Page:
Ki 67, a nuclear protein present in cycling cells, is used as an indicator of tumour proliferation [44, 45], which has now been associated with worse DFS and OS . Although there is not much literature that supports Ki67 as a single factor associated with a higher LRR risk, only one study has evaluated it as an RF for LRR and the role of PMRT. Selz et al  analysed 699 postmastectomy pN0 patients treated between 2001 and 1998 (191 patients with PMRT and 508 without PMRT), in order to establish the role of PMRT in LRR at a median follow-up of 56 months; they found only a Ki67 > 20% was an independent factor for LRR (HR 4.18; 95% CI 1.11–15.77, p < 0.0215).
In NSABP trials, 14 and 20 patients received lumpectomy plus axillary node dissection or MRM as a surgical procedure. All lumpectomy treated patients were required per protocol to receive standard breast irradiation (without regional nodal irradiation). Chest wall irradiation after mastectomy was not allowed per protocol. Of the 505 patients in both trials that underwent mastectomy, the 10-year Kaplan–Meier LRR, categorised by 21 Gene Assay Recurrence Score (RS) were 2.3%, 4.7% and 16.8% for low, intermediate and high groups, respectively (log-rank test, p ≥ 0.001) .
More recent prospective trial data have suggested certain subsets of pN0 patients may benefit from PMRT, in fact randomised single trial published by Wan showed that patients who receive PMRT had higher DFS that patients who were not irradiated. The main problem with this study is that it did not evaluate LRR, making the data interpretation difficult .
Radiation therapy in pathologic stage T3N0 patients
Several randomised trials and retrospectives studies have addressed this issue in T3N0 patients. The Danish Breast Cancer Collaborative Group trials  evaluated the role of PMRT in high-risk patients. Of all randomised patients, 135 premenopausal and 132 postmenopausal women were N0. Postmastectomy radiation decreased locoregional failure (LRF) rate from 17% to 3% and 23% to 6% in premenopausal and postmenopausal patients, respectively (p values were not reported) (Table 1). A posterior analysis showed a smaller number of distant metastasis in patients who received PMRT . Of notice, in these studies, axillary lymph node dissection was considered suboptimal with a mean number of 7 lymph nodes removed. Thus, it is possible that some of the reported T3N0 patients could have presented lymph node metastasis if additional axillary lymph nodes had been removed. Since then, several retrospective and population based studies have intended to provide recommendations, but there is no solid prospective data to support PMRT as a standard for N0 tumours larger than 5 cm. Helinto et al  in 38 patients reported significant differences of LRR rates between both groups, favouring PMRT.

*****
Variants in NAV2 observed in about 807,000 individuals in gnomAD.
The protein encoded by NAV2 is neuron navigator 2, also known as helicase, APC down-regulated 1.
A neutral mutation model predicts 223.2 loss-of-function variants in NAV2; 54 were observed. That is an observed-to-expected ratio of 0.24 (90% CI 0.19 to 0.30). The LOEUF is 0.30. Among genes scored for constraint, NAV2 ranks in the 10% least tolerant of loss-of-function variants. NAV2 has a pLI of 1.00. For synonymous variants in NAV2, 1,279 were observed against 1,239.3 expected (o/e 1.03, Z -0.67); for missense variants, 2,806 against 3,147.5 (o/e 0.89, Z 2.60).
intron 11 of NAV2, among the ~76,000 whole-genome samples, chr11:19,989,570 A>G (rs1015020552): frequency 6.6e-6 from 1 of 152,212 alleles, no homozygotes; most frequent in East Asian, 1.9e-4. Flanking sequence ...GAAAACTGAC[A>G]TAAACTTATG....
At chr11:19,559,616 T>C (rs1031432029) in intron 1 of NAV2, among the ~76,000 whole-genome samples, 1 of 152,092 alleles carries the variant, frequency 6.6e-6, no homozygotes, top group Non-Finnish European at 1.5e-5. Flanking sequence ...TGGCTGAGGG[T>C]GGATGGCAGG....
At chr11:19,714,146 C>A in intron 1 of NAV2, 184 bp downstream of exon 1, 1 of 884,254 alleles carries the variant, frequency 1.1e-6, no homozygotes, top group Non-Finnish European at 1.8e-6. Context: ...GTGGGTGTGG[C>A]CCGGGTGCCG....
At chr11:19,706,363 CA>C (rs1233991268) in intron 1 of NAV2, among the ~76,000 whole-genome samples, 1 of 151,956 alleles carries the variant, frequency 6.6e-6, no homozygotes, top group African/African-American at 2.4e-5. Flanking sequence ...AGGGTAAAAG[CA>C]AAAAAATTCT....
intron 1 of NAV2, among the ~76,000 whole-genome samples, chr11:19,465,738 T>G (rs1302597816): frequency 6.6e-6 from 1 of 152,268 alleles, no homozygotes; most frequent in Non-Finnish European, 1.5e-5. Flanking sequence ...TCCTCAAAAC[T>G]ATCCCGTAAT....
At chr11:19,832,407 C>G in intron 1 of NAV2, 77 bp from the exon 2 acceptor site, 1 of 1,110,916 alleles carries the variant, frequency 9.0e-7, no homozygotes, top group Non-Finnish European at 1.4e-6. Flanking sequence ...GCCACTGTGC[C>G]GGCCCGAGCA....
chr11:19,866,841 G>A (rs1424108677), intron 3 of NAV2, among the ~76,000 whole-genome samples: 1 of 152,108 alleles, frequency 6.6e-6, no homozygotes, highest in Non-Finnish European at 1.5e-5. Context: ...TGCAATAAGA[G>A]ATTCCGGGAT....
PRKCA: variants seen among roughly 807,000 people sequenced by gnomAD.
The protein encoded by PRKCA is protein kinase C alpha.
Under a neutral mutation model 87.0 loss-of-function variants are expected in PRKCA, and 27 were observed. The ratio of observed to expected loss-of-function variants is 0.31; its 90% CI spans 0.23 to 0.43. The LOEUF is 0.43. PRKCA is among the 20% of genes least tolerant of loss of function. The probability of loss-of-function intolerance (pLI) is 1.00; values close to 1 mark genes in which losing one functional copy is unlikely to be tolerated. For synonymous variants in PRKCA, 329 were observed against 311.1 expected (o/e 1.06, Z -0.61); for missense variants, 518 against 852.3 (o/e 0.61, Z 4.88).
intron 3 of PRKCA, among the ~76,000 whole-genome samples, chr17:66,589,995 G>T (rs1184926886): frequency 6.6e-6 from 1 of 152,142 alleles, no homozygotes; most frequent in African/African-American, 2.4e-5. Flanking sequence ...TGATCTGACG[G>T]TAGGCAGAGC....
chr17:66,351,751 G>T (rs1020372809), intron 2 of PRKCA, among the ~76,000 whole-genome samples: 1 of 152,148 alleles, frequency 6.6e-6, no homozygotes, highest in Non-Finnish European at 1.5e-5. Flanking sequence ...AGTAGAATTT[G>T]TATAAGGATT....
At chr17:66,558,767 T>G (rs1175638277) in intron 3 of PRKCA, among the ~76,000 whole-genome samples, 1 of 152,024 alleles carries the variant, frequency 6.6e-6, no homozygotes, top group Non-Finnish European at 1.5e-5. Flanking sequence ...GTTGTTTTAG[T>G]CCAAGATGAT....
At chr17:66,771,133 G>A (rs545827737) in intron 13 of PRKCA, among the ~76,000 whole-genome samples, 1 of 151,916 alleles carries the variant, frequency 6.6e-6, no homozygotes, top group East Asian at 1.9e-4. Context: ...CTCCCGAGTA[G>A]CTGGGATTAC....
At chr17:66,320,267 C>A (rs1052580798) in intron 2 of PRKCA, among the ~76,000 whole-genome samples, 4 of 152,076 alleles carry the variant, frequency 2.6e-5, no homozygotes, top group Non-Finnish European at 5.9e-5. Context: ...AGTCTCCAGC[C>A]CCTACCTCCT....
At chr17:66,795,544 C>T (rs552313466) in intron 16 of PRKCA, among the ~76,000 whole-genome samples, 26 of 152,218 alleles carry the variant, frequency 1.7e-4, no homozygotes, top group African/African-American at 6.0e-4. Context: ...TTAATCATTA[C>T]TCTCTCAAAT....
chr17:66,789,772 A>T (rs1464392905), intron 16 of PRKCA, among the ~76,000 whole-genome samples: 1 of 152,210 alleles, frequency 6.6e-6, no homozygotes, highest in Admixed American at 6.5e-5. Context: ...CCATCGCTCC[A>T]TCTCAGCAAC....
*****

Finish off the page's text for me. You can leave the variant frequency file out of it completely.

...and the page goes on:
Table 1. T3 N0 PMRT.
Table 2. T1–T2 N0 PMRT.
Floyd et al  reported retrospectively a series of 70 T3N0 breast cancer patients who received radical mastectomy and systemic therapy without RT between 1981 and 2002. At a median follow-up of 85 months, 5-year survival and LRF rates were 83% and 7.6%, respectively. Of note, LVI was associated with higher LRR by log rank test (P = 0.017) with actuarial local failure rate of 21% for patients with LVI versus 4% for patients without LVI (Table 1). In the multivariate analysis, LVI status was significantly associated with lower locoregional free survival (LRFS) (p = 0.038, HR = 6.6), OS (p = 0.002, HR 5.0) and DFS (p = 0.036, HR 4.1), respectively. Taghian et al  evaluated 313 T3N0 mastectomised patients, without PMRT, treated in NSABP node negative trials (NSABP B-13, B-14, B-19, B-20 and B-23). Overall, 10-year cumulative incidence of isolated LRR was 7.1%. LRF with DF was 10.0%, while DF alone was 23.6%. Multivariate analysis did not identify significant prognostic factors for LRR. The authors concluded that PMRT should not be routinely used for these patients. A criticism of this study was that it did not evaluate all negative features for LRR.
Goulart et al  investigated 100 T3N0 breast cancer patients; 44 (44%) patients received adjuvant PMRT. At a median follow-up of 10 years, there was no difference in cumulative LRR rates between both groups; as depicted by 8.9% and 2.3% LRR rates in the no-PMRT and PMRT groups, respectively (P = 0.2). To consider, better BCSS rates were reported for patients with tumours > 5 cm and margin positives cases, compared to the smaller tumours. This was attributed to the fact that a greater number of patients with larger tumours received PMRT when compared to smaller tumours (18% versus 54%; p = 0.001). In addition, a greater number of patients with larger tumours received hormonotherapy (57% versus 32%; p = 0.03).